On Fri, Sep 5, 2014 at 12:21 AM, Laurence Rowe <l...@lrowe.co.uk> wrote:

> Here my_auth_function would validate the ticket and would need to be able
> to do two things not currently possible with a SECURITY DEFINER function:
> 1. Call SET SESSION AUTHORIZATION / SET ROLE to become a user the
> connection user is not otherwise allowed to become.
> 2. Dynamically set which roles are 'inherited' by the user it is becoming.
> Laurence

I've been testing a similar setup using security barrier views for RLS.

It would be a stretch to call my initialization function an
"authentication" function. My application server actually does the
authentication using client certificate validation. My database
initialization function is primarily for authorization (i.e. it determines
what the user should be able to see at a fine-grained level, and it
performs the work to grant the right accesses).

Anyway, I also encountered the two issues you mention, and I designed my
initialization function to get around them:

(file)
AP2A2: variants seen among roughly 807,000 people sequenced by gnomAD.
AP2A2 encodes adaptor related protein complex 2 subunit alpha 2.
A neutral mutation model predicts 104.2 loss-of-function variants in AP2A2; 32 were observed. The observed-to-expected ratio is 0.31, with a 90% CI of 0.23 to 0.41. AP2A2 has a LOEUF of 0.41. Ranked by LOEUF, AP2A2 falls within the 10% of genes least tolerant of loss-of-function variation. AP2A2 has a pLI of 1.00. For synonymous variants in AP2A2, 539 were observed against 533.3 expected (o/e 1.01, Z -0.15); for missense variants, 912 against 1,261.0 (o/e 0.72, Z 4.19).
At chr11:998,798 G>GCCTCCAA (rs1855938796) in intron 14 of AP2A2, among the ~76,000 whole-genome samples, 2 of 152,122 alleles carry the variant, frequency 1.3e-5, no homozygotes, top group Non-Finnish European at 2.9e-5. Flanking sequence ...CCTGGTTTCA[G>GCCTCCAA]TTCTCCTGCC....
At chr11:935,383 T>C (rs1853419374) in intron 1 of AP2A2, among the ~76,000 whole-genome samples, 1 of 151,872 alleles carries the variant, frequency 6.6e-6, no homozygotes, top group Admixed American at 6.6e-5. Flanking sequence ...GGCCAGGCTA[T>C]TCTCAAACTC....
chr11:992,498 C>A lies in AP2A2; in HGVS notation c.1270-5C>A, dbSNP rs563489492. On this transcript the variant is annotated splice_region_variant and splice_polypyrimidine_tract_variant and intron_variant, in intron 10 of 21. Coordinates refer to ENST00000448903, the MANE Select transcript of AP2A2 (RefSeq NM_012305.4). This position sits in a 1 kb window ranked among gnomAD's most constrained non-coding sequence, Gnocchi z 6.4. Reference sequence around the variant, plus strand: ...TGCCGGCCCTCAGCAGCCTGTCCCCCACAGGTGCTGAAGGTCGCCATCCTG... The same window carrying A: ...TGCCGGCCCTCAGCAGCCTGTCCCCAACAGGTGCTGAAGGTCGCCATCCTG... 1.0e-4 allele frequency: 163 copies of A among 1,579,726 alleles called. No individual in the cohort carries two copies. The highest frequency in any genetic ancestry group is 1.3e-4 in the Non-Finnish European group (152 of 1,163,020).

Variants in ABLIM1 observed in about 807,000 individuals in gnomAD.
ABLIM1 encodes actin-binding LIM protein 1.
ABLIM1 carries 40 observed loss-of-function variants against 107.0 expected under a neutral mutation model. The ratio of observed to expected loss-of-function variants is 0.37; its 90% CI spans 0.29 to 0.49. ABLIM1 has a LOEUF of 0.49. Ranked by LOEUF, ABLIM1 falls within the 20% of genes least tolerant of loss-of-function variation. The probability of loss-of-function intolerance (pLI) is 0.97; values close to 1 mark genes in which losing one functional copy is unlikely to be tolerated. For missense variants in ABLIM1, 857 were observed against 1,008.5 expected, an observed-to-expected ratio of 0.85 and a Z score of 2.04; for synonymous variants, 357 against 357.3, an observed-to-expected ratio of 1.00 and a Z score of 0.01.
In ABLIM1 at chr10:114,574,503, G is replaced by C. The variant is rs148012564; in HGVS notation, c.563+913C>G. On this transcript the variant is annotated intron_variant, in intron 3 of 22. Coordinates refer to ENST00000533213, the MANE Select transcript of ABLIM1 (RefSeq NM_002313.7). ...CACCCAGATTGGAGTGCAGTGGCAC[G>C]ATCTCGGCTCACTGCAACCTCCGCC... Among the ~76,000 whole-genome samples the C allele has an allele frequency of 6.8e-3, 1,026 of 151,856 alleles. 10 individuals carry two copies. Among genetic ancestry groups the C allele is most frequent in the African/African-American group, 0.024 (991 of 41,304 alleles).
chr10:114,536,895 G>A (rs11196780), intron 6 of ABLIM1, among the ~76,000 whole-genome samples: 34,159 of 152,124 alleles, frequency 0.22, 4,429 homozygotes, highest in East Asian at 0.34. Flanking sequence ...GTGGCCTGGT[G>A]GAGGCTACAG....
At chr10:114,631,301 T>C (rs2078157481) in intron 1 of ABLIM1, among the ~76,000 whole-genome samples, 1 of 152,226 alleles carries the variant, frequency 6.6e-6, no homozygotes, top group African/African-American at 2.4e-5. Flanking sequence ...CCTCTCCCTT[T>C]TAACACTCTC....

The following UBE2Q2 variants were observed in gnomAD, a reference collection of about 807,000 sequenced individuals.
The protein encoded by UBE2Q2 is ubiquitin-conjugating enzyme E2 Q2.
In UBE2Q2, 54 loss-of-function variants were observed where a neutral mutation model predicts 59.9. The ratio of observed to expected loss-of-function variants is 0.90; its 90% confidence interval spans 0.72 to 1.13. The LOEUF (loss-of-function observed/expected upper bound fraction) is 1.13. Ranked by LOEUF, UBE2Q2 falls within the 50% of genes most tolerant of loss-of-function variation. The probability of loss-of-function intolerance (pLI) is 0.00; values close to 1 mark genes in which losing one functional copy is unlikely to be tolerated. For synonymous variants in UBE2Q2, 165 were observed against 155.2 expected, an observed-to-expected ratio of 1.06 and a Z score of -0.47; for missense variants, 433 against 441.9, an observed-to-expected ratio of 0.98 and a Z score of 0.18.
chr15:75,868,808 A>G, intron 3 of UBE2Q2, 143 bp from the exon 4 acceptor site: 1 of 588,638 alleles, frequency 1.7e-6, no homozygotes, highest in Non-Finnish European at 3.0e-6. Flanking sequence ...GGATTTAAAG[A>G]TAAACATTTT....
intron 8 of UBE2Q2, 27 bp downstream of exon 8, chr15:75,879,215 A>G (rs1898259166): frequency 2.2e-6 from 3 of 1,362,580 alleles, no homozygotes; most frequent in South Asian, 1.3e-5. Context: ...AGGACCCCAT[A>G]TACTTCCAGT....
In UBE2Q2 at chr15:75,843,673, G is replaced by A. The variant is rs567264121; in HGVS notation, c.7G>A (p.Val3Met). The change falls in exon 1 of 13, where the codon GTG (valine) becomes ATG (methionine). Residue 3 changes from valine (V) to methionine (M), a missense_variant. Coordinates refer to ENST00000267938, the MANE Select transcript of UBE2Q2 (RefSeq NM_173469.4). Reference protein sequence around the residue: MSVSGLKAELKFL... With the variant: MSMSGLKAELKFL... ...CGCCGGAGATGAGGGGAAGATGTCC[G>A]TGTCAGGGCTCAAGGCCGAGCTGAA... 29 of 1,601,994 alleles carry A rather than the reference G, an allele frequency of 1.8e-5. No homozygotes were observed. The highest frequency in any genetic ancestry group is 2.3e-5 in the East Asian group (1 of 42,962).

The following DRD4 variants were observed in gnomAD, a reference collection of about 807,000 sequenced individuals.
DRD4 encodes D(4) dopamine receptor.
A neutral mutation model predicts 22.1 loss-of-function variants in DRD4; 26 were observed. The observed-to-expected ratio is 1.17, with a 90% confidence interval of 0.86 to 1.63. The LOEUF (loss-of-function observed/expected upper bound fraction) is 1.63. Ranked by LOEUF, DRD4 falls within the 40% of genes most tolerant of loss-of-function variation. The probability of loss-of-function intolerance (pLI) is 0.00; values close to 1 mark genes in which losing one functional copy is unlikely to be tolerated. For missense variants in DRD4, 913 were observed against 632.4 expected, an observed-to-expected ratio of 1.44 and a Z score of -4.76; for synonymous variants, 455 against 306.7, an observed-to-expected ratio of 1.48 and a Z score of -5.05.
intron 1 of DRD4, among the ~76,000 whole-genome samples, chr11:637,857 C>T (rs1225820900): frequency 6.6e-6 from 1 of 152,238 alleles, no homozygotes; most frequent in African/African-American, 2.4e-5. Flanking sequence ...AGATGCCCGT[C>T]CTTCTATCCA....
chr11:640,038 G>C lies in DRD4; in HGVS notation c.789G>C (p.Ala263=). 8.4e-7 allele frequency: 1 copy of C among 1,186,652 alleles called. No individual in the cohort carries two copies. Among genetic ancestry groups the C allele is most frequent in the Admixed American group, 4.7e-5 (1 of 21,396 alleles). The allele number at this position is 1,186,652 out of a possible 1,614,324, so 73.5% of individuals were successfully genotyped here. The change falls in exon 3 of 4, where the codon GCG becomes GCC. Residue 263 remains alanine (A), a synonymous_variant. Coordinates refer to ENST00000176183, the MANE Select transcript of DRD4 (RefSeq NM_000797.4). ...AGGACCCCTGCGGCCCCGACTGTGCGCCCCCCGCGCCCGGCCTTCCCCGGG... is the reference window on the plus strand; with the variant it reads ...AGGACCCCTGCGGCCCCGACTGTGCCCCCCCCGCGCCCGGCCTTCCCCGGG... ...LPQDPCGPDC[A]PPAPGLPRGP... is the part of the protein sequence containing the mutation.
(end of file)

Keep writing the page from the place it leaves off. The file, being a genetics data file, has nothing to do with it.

1.) My initialization function dynamically creates a role for the user. It
returns the role name (as the special "name" text type). The application
checks the returned row, and it does the SET ROLE. (And later does a RESET
ROLE, since we are using connection pooling.)

2.) My initialization function dynamically grants roles to the user
accounts as needed.

Good authentication between the application server and the database server
is extra important in my case, since the application is trusted to do the
authentication and it is granted access to security definer functions that
dynamically create and grant roles.

I just thought I'd share. As a DBA, it's interesting to read ideas about
how to push more of this work to the database server.

Geoff Montee

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